Despite significant progress in the understanding of the molecular pathogenesis of myeloproliferative neoplasms (MPN) and the identification of high molecular risk (HMR) genes (i.e. ASXL1, EZH2, IDH1 and IDH2 genes), the mechanisms by which different cell types predominate in the different disease subtypes and their implications for prognosis remain uncertain. Given the recently described association of senescence and fibrosis in a number of pathologies by Menoz-Espin et al, we hypothesized that genes implicated in oncogene-induced senescence (OIS) and senescence associated secretory phenotype (SASP) may contribute to the pathogenesis of these neoplastic bone marrow disorders that frequently show evidence of fibrosis. Specifically, we were interested in the gene expression levels in different disease subtypes, at a cell-type level, and whether these patterns of differential expression were distinct from the transforming JAK-STAT pathway and the HMR genes.
To elucidate the role of OIS and SASP genes in the pathogenesis of MPN subtypes by determining the differential expression of the genes in specific cell types in patients with MPN.
We performed gene expression profiling on normal controls (NC) and patients with MPN who were diagnosed with essential thrombocythemia (ET), polycythemia vera (PV) and primary myelofibrosis (PMF) according to the 2008 WHO diagnostic criteria. Two cohorts of patients, the patient and validation cohorts, from 3 tertiary-level hospitals were recruited prospectively over 3 years. Peripheral blood samples were taken and sorted into polymorphonuclear cells (PMN), mononuclear cells (MNC) and T cells. RNA was extracted from each cell population. Gene expression profiling of the human transcriptome was performed using microarray and RNA sequencing on the patient and validation cohorts respectively. Gene expression analyses (GEA) were performed on 4 sets of genes derived from publicly available or custom derived gene set enrichment analysis: 92 OIS genes, 88 SASP genes (Gil et al), 4 HMR genes, and 126 genes associated with JAK-STAT pathway. Gene expression levels for each cell type in each disease were compared with NC to obtain the differential expression of the genes. RNA-seq analysis of samples from the validation cohort was used to validate the microarray results from the patient cohort.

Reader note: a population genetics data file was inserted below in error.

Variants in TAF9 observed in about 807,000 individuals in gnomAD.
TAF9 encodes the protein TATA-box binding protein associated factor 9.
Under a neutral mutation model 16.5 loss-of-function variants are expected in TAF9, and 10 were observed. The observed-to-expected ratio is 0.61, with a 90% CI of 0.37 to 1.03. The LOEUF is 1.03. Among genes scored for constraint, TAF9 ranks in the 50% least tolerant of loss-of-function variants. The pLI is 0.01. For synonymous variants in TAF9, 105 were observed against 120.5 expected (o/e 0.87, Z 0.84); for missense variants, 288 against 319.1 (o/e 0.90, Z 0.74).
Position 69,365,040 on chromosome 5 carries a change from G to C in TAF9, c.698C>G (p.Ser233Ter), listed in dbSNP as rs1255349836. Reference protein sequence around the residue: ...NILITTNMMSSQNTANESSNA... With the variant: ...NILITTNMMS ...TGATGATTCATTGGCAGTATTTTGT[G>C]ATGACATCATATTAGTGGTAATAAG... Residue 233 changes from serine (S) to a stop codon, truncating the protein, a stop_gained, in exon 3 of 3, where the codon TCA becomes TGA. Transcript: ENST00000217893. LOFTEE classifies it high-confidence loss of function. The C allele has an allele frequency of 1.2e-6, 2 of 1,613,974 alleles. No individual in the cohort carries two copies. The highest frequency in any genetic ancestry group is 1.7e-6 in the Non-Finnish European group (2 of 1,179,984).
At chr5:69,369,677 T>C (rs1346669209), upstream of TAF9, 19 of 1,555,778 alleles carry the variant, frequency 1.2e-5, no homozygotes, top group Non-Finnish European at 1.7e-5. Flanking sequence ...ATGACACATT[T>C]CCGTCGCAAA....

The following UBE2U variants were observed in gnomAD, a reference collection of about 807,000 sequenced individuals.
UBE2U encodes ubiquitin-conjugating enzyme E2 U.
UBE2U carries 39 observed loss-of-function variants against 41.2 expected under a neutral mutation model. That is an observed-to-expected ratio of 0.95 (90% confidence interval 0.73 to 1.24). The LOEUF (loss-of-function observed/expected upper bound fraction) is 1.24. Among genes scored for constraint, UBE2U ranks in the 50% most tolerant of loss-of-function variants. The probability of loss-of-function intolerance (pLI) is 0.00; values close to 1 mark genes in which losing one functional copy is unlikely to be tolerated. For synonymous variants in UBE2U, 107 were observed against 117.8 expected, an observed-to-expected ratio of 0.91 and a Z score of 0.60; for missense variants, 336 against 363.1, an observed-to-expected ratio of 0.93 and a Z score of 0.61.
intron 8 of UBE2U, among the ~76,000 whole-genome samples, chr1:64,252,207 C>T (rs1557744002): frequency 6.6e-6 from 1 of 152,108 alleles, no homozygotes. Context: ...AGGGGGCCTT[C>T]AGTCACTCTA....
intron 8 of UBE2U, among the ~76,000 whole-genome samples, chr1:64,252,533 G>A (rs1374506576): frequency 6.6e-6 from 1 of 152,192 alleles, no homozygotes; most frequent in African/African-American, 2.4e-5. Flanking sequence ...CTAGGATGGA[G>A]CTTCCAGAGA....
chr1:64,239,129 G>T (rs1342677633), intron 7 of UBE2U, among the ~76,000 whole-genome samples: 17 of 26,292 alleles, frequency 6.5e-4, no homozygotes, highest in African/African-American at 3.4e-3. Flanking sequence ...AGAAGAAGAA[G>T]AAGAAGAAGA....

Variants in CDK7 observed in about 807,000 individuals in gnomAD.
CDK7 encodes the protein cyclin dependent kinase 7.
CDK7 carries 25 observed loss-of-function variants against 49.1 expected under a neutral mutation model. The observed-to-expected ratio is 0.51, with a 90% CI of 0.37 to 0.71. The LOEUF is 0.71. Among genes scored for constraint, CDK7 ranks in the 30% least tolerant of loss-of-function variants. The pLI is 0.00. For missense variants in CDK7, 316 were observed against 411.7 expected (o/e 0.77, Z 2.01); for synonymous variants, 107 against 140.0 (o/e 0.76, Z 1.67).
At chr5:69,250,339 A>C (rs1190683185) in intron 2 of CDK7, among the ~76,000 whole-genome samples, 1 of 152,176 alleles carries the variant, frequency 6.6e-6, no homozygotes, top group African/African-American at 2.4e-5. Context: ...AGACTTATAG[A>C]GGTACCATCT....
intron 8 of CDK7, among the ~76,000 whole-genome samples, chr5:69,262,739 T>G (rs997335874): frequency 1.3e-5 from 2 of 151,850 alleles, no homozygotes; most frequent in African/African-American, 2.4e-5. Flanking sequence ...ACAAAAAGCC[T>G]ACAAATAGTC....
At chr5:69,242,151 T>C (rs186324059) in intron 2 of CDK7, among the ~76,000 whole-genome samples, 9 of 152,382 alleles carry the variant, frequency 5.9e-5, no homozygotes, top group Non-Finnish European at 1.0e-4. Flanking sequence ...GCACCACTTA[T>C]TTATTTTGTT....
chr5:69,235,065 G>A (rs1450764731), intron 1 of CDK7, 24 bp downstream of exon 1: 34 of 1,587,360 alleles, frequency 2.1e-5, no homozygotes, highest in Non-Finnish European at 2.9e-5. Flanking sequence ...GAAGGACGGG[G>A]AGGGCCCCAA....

Twenty-eight patients (10 ET, 11 PV and 7 PMF) and 11 NC were recruited into the patient cohort. Twelve patients (4 ET, 4 PV and 4 PMF) and 4 NC were recruited into the validation cohort. After combination of the microarray and RNA-seq datasets, GEA of the OIS genes revealed the differential expressions of MCTP1 and SULT1B1 genes by PMN in PV but of none in PMF. In contrast, the BEX1 gene was identified as differentially expressed by MNC in PMF but none in PV. GEA of the SASP genes revealed differential expression of THBS1 gene by MNC in PMF but of none in PV. None of the SASP genes were differentially expressed by PMN in either PV or PMF. No differentially expressed genes were identified by PMN or MNC in ET, or by T cells in any of the diseases. Notably, GEA of the HMR genes and genes associated with the JAK-STAT pathways did not show any differential expression in any disease subtype by any cell type.
We have found strikingly distinct patterns of differential expression of senescence associated genes by PMN (in PV) and MNC (in PMF). These results provide a novel insight into the mechanisms underlying the different phenotype of the MPN subtypes and also to the cells responsible for mediating the differences. The lack of differential expression of OIS and SASP genes in ET may reflect the milder clinical phenotype of the disease. Although mutations in the HMR genes are associated with poor prognosis in PMF, the lack of differential expression in these genes and genes associated with the JAK-STAT pathway is in keeping with their mutated status and suggests that they give rise to the disease phenotypes via altering downstream expression of genes associated in other pathways such as the senescence pathways studied here. Further studies are warranted to investigate the role of these genes and the pathways involved in senescence at a cell-type specific level in order to gain further insight into how they can potentially give rise to the various disease phenotypes in MPN and unmask potential therapeutic targets.
Asterisk with author names denotes non-ASH members.